Going Nowhere Fast

[Chart courtesy of MarketWatch.com]

  1. Moving the Markets

The markets seemed to have a hangover after the 3-day weekend with the major averages remaining stuck below the unchanged line giving back  some of last week’s gains.

Macro data continues to head south as consumer confidence dropped to its weakest since February confirming that hope has faded as evidenced by plans to buy homes, cars and major appliances, which hit their lowest level of the year.

No helping the mood on Wall Street are, and have been, appearances by banks and heavyweight money managers warning that Fed re-normalization could send equities 30% lower with BofA being the latest. Then famous hedge fund guru Paul Singer opined this morning that “All Hell Will Break loose” by issuing this:

Given group think and the determination of policy makers to do ‘whatever it takes’ to prevent the next market ‘crash,’ we think that the low-volatility levitation magic act of stocks and bonds will exist until the disenchanting moment when it does not. And then all hell will break loose (don’t ask us what hell looks like…), a lamentable scenario that will nevertheless present opportunities that are likely to be both extraordinary and ephemeral. The only way to take advantage of those opportunities is to have ready access to capital.

Surely, none of this helped the markets, and it appears that after the recent gains, which wiped out May’s mid-month losses, we will silently fade into the last day of May tomorrow.

  1. ETFs in the Spotlight (updated for 2017)

In case you missed the announcement and description of this section, you can read it here again.

It features 10 broadly diversified and sector ETFs from my HighVolume list as posted every Saturday. Furthermore, they are screened for the lowest MaxDD% number meaning they have been showing better resistance to temporary sell offs than all others over the past year.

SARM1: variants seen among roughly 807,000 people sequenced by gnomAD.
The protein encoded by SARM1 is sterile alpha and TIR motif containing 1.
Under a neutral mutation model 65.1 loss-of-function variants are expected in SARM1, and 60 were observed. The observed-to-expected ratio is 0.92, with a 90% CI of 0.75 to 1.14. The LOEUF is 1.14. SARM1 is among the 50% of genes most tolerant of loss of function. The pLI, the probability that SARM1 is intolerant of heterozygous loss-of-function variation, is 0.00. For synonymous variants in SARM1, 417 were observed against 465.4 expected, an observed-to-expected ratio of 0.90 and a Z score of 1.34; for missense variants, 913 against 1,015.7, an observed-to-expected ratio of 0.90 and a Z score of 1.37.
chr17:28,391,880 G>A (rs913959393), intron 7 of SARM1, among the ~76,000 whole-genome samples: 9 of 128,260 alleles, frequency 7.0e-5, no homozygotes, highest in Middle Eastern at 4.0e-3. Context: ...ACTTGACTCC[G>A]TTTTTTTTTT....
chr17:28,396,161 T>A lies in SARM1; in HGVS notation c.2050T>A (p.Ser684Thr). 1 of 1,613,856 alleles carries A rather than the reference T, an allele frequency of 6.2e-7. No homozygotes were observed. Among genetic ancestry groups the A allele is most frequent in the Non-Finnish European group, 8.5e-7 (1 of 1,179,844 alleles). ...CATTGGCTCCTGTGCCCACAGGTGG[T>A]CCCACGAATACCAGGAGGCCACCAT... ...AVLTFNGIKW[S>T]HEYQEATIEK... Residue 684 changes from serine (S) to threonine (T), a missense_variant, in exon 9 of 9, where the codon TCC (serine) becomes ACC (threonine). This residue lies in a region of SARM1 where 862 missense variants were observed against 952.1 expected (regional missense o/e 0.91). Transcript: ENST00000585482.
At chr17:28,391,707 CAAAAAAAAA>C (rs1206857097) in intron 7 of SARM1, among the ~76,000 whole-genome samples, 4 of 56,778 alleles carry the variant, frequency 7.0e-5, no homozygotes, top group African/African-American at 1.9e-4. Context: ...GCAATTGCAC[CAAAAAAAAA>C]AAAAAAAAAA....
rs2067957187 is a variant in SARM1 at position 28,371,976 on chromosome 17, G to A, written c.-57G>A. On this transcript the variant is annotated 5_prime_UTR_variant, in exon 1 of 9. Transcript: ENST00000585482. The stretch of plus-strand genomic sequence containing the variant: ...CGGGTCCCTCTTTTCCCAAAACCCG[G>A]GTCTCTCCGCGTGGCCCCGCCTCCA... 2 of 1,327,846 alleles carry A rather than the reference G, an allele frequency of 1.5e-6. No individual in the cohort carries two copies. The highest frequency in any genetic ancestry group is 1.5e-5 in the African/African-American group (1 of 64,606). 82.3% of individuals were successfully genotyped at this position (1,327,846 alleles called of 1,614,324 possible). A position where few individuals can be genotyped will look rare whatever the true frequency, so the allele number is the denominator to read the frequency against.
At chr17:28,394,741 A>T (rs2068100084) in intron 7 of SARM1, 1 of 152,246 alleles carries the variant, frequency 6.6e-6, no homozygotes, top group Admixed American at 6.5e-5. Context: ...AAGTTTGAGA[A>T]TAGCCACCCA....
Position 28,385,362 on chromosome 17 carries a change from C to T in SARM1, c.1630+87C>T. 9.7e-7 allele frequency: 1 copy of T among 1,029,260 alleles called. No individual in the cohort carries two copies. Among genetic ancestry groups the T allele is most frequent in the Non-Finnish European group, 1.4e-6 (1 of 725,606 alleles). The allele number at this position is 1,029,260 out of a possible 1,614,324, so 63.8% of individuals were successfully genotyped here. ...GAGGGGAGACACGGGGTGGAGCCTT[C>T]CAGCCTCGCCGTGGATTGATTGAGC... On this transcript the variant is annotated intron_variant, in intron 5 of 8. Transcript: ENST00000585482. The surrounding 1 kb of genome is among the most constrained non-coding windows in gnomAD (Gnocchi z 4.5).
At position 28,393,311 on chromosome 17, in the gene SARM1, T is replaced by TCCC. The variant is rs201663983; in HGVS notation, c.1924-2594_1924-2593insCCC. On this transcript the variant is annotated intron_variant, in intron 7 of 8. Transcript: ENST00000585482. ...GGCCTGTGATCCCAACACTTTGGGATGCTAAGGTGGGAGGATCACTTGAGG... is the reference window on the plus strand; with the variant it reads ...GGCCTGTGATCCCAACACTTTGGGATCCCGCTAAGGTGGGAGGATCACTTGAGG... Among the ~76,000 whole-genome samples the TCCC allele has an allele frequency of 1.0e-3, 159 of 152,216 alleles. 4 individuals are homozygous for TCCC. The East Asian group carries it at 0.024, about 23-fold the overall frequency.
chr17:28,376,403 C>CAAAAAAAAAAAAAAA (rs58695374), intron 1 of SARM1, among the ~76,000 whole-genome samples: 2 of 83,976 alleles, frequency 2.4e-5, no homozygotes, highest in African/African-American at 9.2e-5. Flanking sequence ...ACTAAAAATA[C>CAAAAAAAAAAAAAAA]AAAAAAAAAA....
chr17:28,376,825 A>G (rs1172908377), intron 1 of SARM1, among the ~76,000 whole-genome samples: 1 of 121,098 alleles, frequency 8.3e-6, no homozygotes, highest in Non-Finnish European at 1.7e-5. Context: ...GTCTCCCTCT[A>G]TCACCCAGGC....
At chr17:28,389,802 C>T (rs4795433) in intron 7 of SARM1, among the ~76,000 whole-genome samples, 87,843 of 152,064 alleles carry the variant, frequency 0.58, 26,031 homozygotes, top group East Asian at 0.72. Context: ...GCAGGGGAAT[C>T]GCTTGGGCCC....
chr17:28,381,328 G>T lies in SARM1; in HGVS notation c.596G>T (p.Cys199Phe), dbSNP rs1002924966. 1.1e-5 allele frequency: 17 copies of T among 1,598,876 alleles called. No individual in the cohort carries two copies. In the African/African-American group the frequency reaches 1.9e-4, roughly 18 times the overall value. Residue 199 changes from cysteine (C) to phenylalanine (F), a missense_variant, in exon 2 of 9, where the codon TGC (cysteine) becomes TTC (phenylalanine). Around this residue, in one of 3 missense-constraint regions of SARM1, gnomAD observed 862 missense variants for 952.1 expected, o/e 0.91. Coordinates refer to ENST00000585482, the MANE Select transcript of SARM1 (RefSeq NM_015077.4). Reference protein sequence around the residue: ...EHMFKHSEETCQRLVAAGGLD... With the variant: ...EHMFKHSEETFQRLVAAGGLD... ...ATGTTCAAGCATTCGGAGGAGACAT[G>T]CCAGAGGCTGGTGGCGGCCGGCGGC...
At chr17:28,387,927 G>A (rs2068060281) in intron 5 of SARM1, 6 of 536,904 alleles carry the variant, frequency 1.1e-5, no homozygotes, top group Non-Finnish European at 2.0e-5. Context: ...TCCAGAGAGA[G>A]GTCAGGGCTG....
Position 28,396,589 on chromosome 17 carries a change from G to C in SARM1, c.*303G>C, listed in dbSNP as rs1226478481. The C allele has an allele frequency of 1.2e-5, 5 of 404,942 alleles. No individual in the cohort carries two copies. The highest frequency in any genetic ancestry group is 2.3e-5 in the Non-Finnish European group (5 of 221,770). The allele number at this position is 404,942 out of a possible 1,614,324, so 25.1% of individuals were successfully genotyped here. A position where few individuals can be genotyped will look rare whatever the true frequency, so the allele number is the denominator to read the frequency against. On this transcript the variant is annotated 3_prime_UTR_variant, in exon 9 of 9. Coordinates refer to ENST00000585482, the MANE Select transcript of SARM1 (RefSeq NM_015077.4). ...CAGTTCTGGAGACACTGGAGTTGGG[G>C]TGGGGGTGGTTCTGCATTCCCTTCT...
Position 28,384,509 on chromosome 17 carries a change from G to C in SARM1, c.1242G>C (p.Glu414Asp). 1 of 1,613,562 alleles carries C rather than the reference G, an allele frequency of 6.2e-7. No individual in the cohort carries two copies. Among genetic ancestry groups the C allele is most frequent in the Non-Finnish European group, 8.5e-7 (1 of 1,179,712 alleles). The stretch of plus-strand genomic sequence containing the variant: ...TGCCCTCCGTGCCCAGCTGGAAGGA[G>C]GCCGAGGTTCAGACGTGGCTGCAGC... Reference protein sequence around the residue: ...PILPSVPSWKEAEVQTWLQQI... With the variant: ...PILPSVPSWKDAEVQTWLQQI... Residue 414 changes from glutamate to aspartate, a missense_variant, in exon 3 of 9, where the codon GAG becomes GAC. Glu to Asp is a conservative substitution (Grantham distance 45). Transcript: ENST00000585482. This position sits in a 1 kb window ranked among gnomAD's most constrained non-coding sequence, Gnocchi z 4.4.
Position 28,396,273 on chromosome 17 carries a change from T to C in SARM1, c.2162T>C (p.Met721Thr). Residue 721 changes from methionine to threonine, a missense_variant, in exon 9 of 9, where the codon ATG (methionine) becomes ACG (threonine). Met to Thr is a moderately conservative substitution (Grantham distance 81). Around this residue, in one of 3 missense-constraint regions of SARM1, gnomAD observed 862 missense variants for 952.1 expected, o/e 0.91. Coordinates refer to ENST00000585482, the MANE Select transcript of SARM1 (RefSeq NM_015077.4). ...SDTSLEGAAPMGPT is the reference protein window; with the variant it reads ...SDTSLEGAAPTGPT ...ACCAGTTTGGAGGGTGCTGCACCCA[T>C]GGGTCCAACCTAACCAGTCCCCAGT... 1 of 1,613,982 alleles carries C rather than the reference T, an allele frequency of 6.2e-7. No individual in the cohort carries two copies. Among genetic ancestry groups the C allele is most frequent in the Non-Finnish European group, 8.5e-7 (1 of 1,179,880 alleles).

The below table simply demonstrates the magnitude with which some of the ETFs are fluctuating in regards to their positions above or below their respective individual trend lines (%M/A). A break below, represented by a negative number, shows weakness, while a break above, represented by a positive percentage, shows strength.

For hundreds of ETF choices, be sure to reference Thursday’s StatSheet.

Year to date, here’s how the 2017 candidates have fared so far:

Again, the %M/A column above shows the position of the various ETFs in relation to their respective long term trend lines, while the trailing sell stops are being tracked in the “Off High” column. The “Action” column will signal a “Sell” once the -7.5% point has been taken out in the “Off High” column.

  1. Trend Tracking Indexes (TTIs)

Our Trend Tracking Indexes (TTIs) faded a tad as the major indexes were stuck below the unchanged line throughout the session.

Here’s how we closed 5/30/2017:

Domestic TTI: +3.66% (last close +3.68%)—Buy signal effective 4/4/2016

International TTI: +8.12% (last close +8.34%)—Buy signal effective 7/19/2016

Disclosure: I am obliged to inform you that I, as well as my advisory clients, own some of the ETFs listed in the above table. Furthermore, they do not represent a specific investment recommendation for you, they merely show which ETFs from the universe I track are falling within the guidelines specified.

About Ulli Niemann

Ulli Niemann is the publisher of "The ETF Bully" and is a Registered Investment Advisor. Learn more
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